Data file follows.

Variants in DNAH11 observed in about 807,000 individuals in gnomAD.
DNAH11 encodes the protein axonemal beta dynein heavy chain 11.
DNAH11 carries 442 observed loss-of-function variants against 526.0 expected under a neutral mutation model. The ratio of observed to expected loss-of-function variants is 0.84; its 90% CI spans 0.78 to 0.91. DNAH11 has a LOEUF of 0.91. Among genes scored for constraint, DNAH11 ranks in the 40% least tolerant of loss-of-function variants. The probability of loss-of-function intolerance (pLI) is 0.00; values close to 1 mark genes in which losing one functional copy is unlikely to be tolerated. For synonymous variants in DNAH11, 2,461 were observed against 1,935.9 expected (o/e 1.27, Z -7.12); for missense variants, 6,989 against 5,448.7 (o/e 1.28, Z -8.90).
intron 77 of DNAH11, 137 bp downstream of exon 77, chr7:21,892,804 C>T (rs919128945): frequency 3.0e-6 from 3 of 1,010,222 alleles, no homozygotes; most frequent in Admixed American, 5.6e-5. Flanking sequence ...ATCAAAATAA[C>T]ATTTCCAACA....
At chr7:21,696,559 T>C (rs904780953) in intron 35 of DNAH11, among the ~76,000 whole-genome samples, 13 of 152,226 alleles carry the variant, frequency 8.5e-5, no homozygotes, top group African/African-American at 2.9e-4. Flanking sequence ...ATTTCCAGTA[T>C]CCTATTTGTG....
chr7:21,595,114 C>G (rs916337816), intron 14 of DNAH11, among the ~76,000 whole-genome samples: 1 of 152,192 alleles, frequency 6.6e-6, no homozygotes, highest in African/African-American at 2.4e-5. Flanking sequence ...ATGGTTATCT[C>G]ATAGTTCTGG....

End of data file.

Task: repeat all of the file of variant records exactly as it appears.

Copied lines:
Variants in DNAH11 observed in about 807,000 individuals in gnomAD.
DNAH11 encodes the protein axonemal beta dynein heavy chain 11.
DNAH11 carries 442 observed loss-of-function variants against 526.0 expected under a neutral mutation model. The ratio of observed to expected loss-of-function variants is 0.84; its 90% CI spans 0.78 to 0.91. DNAH11 has a LOEUF of 0.91. Among genes scored for constraint, DNAH11 ranks in the 40% least tolerant of loss-of-function variants. The probability of loss-of-function intolerance (pLI) is 0.00; values close to 1 mark genes in which losing one functional copy is unlikely to be tolerated. For synonymous variants in DNAH11, 2,461 were observed against 1,935.9 expected (o/e 1.27, Z -7.12); for missense variants, 6,989 against 5,448.7 (o/e 1.28, Z -8.90).
intron 77 of DNAH11, 137 bp downstream of exon 77, chr7:21,892,804 C>T (rs919128945): frequency 3.0e-6 from 3 of 1,010,222 alleles, no homozygotes; most frequent in Admixed American, 5.6e-5. Flanking sequence ...ATCAAAATAA[C>T]ATTTCCAACA....
At chr7:21,696,559 T>C (rs904780953) in intron 35 of DNAH11, among the ~76,000 whole-genome samples, 13 of 152,226 alleles carry the variant, frequency 8.5e-5, no homozygotes, top group African/African-American at 2.9e-4. Flanking sequence ...ATTTCCAGTA[T>C]CCTATTTGTG....
chr7:21,595,114 C>G (rs916337816), intron 14 of DNAH11, among the ~76,000 whole-genome samples: 1 of 152,192 alleles, frequency 6.6e-6, no homozygotes, highest in African/African-American at 2.4e-5. Flanking sequence ...ATGGTTATCT[C>G]ATAGTTCTGG....